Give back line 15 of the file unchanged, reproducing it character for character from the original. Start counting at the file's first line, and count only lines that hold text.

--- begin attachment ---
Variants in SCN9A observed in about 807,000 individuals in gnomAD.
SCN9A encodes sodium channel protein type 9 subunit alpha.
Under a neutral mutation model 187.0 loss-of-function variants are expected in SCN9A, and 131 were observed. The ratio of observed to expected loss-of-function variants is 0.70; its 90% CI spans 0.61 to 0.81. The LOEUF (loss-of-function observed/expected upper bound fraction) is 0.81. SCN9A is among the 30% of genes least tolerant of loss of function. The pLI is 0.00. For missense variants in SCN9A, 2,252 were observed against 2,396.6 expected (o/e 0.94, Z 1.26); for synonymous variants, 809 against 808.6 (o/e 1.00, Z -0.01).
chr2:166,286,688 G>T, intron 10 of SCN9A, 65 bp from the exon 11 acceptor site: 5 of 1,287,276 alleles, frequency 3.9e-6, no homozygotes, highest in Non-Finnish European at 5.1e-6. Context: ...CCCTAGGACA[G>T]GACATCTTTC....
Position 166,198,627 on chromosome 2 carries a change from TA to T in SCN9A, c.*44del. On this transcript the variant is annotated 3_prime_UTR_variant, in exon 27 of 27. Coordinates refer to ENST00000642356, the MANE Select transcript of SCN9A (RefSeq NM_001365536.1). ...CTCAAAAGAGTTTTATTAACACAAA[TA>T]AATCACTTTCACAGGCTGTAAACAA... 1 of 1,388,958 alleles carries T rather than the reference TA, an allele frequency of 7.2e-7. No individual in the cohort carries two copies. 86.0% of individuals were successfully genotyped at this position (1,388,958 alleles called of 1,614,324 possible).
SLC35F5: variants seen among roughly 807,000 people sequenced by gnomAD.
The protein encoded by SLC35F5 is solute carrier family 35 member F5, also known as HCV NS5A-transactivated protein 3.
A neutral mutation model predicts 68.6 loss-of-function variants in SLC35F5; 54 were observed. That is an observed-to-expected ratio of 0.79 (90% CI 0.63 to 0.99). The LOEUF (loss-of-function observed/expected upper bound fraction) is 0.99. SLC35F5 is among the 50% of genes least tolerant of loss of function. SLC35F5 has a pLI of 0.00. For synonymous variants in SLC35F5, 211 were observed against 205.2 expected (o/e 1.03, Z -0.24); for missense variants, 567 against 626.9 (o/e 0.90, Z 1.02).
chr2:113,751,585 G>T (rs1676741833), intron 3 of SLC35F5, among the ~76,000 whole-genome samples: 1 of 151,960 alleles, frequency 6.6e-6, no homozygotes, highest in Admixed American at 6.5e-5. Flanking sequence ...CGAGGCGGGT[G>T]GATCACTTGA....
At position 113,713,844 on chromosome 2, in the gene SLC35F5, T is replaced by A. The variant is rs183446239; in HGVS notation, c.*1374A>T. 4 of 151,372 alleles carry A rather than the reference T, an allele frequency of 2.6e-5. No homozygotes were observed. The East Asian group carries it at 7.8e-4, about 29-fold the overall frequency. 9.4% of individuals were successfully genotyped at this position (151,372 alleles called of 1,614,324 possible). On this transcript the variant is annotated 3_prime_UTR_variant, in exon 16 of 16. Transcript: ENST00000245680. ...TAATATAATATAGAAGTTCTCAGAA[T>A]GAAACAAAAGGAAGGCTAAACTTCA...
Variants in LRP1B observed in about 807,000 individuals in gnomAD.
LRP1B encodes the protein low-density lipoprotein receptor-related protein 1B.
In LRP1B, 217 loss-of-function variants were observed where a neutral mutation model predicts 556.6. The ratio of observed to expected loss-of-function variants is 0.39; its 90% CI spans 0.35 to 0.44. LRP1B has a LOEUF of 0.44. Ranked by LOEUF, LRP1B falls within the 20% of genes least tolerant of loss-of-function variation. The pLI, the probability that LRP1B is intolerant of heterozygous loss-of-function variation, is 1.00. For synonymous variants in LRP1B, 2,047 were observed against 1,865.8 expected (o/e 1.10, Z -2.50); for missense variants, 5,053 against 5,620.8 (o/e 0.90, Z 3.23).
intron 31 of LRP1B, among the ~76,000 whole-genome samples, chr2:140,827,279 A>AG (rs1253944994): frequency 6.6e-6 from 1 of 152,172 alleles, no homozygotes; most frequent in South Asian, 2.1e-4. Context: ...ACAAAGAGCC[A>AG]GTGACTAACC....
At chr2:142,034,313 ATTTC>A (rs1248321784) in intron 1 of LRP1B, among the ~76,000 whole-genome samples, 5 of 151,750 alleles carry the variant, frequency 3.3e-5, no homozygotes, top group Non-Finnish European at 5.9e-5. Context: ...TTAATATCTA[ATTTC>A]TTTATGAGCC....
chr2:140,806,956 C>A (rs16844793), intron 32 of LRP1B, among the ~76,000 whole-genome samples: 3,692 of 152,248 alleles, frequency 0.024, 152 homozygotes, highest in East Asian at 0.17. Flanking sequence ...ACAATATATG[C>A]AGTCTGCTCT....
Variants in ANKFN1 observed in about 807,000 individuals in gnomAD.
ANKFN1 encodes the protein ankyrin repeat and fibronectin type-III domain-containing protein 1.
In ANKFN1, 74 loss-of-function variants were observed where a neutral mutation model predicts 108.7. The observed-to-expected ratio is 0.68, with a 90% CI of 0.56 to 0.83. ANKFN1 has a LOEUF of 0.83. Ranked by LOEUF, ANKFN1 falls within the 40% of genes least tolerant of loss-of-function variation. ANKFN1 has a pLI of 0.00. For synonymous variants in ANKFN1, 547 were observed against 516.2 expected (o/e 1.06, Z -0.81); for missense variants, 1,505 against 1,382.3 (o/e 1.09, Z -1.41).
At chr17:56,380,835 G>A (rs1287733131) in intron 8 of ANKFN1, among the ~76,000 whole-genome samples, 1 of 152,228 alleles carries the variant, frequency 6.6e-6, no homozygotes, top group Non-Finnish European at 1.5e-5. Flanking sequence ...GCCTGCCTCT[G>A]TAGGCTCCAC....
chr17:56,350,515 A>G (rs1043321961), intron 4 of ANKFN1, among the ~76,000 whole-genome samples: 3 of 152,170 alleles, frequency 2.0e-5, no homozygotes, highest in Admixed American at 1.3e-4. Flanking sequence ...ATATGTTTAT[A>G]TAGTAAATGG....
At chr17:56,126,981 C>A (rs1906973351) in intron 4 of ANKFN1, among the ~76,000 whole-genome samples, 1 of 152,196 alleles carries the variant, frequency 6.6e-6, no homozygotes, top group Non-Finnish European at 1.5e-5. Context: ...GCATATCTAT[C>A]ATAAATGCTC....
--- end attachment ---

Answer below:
At chr2:142,034,313 ATTTC>A (rs1248321784) in intron 1 of LRP1B, among the ~76,000 whole-genome samples, 5 of 151,750 alleles carry the variant, frequency 3.3e-5, no homozygotes, top group Non-Finnish European at 5.9e-5. Context: ...TTAATATCTA[ATTTC>A]TTTATGAGCC....